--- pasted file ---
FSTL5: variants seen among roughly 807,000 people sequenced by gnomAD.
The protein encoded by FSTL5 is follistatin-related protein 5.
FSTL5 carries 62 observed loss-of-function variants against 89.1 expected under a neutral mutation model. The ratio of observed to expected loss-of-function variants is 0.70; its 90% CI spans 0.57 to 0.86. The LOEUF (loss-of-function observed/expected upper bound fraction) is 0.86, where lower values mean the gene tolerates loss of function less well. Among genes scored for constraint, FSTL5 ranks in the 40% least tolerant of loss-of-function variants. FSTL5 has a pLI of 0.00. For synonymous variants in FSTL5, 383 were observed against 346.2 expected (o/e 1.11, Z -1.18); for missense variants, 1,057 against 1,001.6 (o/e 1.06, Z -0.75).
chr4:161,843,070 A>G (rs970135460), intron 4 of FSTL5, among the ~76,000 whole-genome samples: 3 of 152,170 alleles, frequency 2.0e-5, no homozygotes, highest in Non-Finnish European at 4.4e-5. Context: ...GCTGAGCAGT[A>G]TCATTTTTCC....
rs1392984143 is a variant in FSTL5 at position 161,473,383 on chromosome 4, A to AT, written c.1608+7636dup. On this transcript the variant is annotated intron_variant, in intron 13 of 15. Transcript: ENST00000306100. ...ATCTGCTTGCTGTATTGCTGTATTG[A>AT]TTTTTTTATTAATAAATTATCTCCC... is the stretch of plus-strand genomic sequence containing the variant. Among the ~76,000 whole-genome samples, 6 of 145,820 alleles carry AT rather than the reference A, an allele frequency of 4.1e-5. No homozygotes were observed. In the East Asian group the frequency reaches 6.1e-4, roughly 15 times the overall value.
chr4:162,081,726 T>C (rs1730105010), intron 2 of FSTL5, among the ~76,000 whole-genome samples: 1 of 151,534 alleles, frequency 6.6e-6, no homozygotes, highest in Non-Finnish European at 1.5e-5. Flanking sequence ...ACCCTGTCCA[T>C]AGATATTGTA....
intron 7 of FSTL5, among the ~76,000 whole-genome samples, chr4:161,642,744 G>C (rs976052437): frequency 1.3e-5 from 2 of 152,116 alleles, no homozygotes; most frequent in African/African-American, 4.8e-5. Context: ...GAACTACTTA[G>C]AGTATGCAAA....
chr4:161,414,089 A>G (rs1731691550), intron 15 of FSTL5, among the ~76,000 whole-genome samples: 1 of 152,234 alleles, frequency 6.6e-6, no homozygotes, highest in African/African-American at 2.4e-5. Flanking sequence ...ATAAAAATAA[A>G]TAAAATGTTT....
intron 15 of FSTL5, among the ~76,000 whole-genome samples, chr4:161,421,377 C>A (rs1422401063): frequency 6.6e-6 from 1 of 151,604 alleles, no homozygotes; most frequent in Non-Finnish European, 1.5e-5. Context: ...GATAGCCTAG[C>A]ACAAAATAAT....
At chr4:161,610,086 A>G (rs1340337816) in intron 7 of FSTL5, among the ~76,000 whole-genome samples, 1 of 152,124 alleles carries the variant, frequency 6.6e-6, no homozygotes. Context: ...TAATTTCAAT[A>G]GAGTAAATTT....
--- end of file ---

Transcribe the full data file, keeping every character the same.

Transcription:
FSTL5: variants seen among roughly 807,000 people sequenced by gnomAD.
The protein encoded by FSTL5 is follistatin-related protein 5.
FSTL5 carries 62 observed loss-of-function variants against 89.1 expected under a neutral mutation model. The ratio of observed to expected loss-of-function variants is 0.70; its 90% CI spans 0.57 to 0.86. The LOEUF (loss-of-function observed/expected upper bound fraction) is 0.86, where lower values mean the gene tolerates loss of function less well. Among genes scored for constraint, FSTL5 ranks in the 40% least tolerant of loss-of-function variants. FSTL5 has a pLI of 0.00. For synonymous variants in FSTL5, 383 were observed against 346.2 expected (o/e 1.11, Z -1.18); for missense variants, 1,057 against 1,001.6 (o/e 1.06, Z -0.75).
chr4:161,843,070 A>G (rs970135460), intron 4 of FSTL5, among the ~76,000 whole-genome samples: 3 of 152,170 alleles, frequency 2.0e-5, no homozygotes, highest in Non-Finnish European at 4.4e-5. Context: ...GCTGAGCAGT[A>G]TCATTTTTCC....
rs1392984143 is a variant in FSTL5 at position 161,473,383 on chromosome 4, A to AT, written c.1608+7636dup. On this transcript the variant is annotated intron_variant, in intron 13 of 15. Transcript: ENST00000306100. ...ATCTGCTTGCTGTATTGCTGTATTG[A>AT]TTTTTTTATTAATAAATTATCTCCC... is the stretch of plus-strand genomic sequence containing the variant. Among the ~76,000 whole-genome samples, 6 of 145,820 alleles carry AT rather than the reference A, an allele frequency of 4.1e-5. No homozygotes were observed. In the East Asian group the frequency reaches 6.1e-4, roughly 15 times the overall value.
chr4:162,081,726 T>C (rs1730105010), intron 2 of FSTL5, among the ~76,000 whole-genome samples: 1 of 151,534 alleles, frequency 6.6e-6, no homozygotes, highest in Non-Finnish European at 1.5e-5. Flanking sequence ...ACCCTGTCCA[T>C]AGATATTGTA....
intron 7 of FSTL5, among the ~76,000 whole-genome samples, chr4:161,642,744 G>C (rs976052437): frequency 1.3e-5 from 2 of 152,116 alleles, no homozygotes; most frequent in African/African-American, 4.8e-5. Context: ...GAACTACTTA[G>C]AGTATGCAAA....
chr4:161,414,089 A>G (rs1731691550), intron 15 of FSTL5, among the ~76,000 whole-genome samples: 1 of 152,234 alleles, frequency 6.6e-6, no homozygotes, highest in African/African-American at 2.4e-5. Flanking sequence ...ATAAAAATAA[A>G]TAAAATGTTT....
intron 15 of FSTL5, among the ~76,000 whole-genome samples, chr4:161,421,377 C>A (rs1422401063): frequency 6.6e-6 from 1 of 151,604 alleles, no homozygotes; most frequent in Non-Finnish European, 1.5e-5. Context: ...GATAGCCTAG[C>A]ACAAAATAAT....
At chr4:161,610,086 A>G (rs1340337816) in intron 7 of FSTL5, among the ~76,000 whole-genome samples, 1 of 152,124 alleles carries the variant, frequency 6.6e-6, no homozygotes. Context: ...TAATTTCAAT[A>G]GAGTAAATTT....